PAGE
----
Successful CMOs achieve growth by leveraging technology. Join us for GrowthBeat Summit on June 1-2 in Boston
, where we'll discuss how to merge creativity with technology to drive growth. Space is limited. Request your personal invitation here
As the number of streaming music services continues to increase, CBS-owned Last.fm is making some big changes to its business model, the company announced today.
The most noticeable change for U.S. users is that the desktop app will now only be available to those who have a paid Last.fm subscription. (Note: A paid subscription was always required for international Last.fm users, so this isn’t that much of a surprise.) However, non-subscription members of the site can still access a free, ad-supported version of the smart radio service via the website, and its Last.fm Discovery site.
Last.fm is also hoping to offer the incentive of a new, upgraded desktop app as a way to boost paid subscriptions, though. For $3 per month, you get no ads, access to the mobile app, and more social features. That price is less expensive than most competing services (Spotify, Pandora, etc.).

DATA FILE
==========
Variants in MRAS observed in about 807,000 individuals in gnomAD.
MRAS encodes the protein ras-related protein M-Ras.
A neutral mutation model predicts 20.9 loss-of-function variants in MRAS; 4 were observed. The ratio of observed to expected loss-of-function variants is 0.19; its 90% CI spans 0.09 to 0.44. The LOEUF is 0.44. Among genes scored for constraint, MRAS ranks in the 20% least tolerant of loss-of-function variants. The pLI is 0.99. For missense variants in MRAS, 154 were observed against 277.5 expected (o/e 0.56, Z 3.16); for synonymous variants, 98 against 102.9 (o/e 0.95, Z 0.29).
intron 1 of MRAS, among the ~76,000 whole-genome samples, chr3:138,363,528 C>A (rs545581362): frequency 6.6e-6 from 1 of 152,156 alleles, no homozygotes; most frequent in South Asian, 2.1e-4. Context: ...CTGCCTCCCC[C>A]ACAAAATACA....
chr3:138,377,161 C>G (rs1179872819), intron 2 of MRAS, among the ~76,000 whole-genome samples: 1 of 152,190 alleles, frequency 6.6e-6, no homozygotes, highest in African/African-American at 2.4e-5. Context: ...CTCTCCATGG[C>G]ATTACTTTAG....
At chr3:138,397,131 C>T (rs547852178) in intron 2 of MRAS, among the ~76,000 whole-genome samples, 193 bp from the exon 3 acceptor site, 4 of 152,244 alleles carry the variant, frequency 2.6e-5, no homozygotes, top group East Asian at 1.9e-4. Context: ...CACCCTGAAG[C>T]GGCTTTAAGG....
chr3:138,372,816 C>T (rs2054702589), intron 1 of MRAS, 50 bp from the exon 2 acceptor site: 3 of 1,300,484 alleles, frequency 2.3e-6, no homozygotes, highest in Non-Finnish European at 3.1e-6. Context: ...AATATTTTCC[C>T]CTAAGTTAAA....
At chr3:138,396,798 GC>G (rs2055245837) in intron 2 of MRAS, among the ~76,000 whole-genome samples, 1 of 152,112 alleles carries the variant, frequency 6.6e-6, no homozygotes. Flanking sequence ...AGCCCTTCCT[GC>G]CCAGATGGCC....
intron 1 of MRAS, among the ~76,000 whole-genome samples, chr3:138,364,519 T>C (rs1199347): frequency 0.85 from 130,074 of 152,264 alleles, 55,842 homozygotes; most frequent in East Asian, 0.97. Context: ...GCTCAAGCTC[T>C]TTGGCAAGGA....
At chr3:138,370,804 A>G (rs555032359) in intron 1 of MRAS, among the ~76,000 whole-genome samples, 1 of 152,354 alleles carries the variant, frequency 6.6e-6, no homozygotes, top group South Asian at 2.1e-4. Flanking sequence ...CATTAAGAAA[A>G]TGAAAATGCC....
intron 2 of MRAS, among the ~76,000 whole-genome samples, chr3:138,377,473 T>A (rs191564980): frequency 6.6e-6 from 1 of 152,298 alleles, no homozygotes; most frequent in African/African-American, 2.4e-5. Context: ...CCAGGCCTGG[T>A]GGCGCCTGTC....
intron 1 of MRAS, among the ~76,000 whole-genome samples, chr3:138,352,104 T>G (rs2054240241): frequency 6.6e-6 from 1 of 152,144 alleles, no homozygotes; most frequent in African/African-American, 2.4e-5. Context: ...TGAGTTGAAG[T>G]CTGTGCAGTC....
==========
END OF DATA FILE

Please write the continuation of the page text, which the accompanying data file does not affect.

The new desktop app, which is currently in beta, features a brand new design that borrows plenty of UI elements from mobile design. My guess is Last.fm is trying to streamline all of its players to look and act essentially the same across all platforms.
The site is also cutting costs by discontinuing its streaming radio service in the majority of foreign markets, not including Canada, Australia, New Zealand, Ireland, and Brazil. There’s some indication that this is due to music licensing fees, which are very expensive. And if CBS isn’t seeing a significant return in those other markets, it makes sense that it wouldn’t want to continue paying that kind of money.
Additionally, Last.fm is putting a greater emphasis on its scrobbling technology, which connects to third-party music services like Spotify to help recommend new music based on listening habits. Last.fm is also launching a new Scrobbler iOS app today that scans the music stored on your iPhone, iPad, or iPod Touch.
Music image via DGDESIGN/Shutterstock
VentureBeat’s VB Insight team is studying marketing analytics...
Chime in here, and we’ll share the results.